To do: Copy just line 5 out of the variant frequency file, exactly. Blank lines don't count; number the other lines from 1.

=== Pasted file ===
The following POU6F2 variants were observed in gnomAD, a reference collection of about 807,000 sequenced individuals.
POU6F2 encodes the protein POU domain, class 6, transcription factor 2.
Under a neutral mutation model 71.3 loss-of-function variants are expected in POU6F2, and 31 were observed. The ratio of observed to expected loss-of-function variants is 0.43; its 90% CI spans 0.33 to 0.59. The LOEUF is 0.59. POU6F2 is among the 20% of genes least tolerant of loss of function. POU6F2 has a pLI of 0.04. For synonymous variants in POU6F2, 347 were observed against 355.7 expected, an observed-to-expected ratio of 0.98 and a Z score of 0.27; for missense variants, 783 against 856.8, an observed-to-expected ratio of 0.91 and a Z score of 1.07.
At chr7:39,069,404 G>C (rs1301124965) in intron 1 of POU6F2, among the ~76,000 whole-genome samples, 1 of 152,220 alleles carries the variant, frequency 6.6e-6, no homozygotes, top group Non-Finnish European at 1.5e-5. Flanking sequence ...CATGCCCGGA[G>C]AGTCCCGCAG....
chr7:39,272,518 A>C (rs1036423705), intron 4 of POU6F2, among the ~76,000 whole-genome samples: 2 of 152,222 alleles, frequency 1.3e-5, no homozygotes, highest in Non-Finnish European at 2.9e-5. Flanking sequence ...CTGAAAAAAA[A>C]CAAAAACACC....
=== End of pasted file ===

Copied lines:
chr7:39,272,518 A>C (rs1036423705), intron 4 of POU6F2, among the ~76,000 whole-genome samples: 2 of 152,222 alleles, frequency 1.3e-5, no homozygotes, highest in Non-Finnish European at 2.9e-5. Flanking sequence ...CTGAAAAAAA[A>C]CAAAAACACC....